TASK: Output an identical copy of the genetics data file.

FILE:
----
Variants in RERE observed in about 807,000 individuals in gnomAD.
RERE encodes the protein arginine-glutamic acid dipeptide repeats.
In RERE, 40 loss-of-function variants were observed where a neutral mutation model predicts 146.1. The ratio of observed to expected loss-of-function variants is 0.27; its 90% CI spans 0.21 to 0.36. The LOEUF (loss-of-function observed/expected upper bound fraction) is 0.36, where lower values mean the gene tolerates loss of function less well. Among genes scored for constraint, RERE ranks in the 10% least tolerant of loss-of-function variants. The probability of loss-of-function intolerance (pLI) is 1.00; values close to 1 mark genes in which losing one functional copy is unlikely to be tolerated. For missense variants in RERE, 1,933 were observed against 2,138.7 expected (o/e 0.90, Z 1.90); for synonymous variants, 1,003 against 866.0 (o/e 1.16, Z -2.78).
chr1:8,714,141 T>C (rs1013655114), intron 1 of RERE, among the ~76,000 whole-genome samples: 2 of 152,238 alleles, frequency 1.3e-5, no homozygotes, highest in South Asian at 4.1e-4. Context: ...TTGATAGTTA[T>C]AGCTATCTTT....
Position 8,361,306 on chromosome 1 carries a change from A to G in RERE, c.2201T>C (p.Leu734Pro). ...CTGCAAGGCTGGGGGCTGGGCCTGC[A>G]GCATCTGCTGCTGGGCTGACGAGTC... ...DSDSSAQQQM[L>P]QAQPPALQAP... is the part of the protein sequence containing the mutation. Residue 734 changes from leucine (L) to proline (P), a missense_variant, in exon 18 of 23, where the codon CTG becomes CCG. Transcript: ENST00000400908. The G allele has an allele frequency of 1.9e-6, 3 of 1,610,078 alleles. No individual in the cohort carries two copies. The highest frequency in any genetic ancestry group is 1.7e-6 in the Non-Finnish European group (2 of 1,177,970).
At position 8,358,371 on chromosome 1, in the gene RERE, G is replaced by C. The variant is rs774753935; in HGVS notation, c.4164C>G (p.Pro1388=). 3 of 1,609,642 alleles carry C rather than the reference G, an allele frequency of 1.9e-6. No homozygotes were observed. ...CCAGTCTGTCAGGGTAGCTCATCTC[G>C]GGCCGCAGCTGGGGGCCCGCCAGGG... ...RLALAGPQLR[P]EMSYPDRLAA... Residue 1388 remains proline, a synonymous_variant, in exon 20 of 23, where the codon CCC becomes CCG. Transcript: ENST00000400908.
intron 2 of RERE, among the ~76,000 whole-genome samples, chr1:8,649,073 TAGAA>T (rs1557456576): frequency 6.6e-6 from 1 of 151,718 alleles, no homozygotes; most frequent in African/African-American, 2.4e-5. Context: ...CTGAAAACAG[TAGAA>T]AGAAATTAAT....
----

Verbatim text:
Variants in RERE observed in about 807,000 individuals in gnomAD.
RERE encodes the protein arginine-glutamic acid dipeptide repeats.
In RERE, 40 loss-of-function variants were observed where a neutral mutation model predicts 146.1. The ratio of observed to expected loss-of-function variants is 0.27; its 90% CI spans 0.21 to 0.36. The LOEUF (loss-of-function observed/expected upper bound fraction) is 0.36, where lower values mean the gene tolerates loss of function less well. Among genes scored for constraint, RERE ranks in the 10% least tolerant of loss-of-function variants. The probability of loss-of-function intolerance (pLI) is 1.00; values close to 1 mark genes in which losing one functional copy is unlikely to be tolerated. For missense variants in RERE, 1,933 were observed against 2,138.7 expected (o/e 0.90, Z 1.90); for synonymous variants, 1,003 against 866.0 (o/e 1.16, Z -2.78).
chr1:8,714,141 T>C (rs1013655114), intron 1 of RERE, among the ~76,000 whole-genome samples: 2 of 152,238 alleles, frequency 1.3e-5, no homozygotes, highest in South Asian at 4.1e-4. Context: ...TTGATAGTTA[T>C]AGCTATCTTT....
Position 8,361,306 on chromosome 1 carries a change from A to G in RERE, c.2201T>C (p.Leu734Pro). ...CTGCAAGGCTGGGGGCTGGGCCTGC[A>G]GCATCTGCTGCTGGGCTGACGAGTC... ...DSDSSAQQQM[L>P]QAQPPALQAP... is the part of the protein sequence containing the mutation. Residue 734 changes from leucine (L) to proline (P), a missense_variant, in exon 18 of 23, where the codon CTG becomes CCG. Transcript: ENST00000400908. The G allele has an allele frequency of 1.9e-6, 3 of 1,610,078 alleles. No individual in the cohort carries two copies. The highest frequency in any genetic ancestry group is 1.7e-6 in the Non-Finnish European group (2 of 1,177,970).
At position 8,358,371 on chromosome 1, in the gene RERE, G is replaced by C. The variant is rs774753935; in HGVS notation, c.4164C>G (p.Pro1388=). 3 of 1,609,642 alleles carry C rather than the reference G, an allele frequency of 1.9e-6. No homozygotes were observed. ...CCAGTCTGTCAGGGTAGCTCATCTC[G>C]GGCCGCAGCTGGGGGCCCGCCAGGG... ...RLALAGPQLR[P]EMSYPDRLAA... Residue 1388 remains proline, a synonymous_variant, in exon 20 of 23, where the codon CCC becomes CCG. Transcript: ENST00000400908.
intron 2 of RERE, among the ~76,000 whole-genome samples, chr1:8,649,073 TAGAA>T (rs1557456576): frequency 6.6e-6 from 1 of 151,718 alleles, no homozygotes; most frequent in African/African-American, 2.4e-5. Context: ...CTGAAAACAG[TAGAA>T]AGAAATTAAT....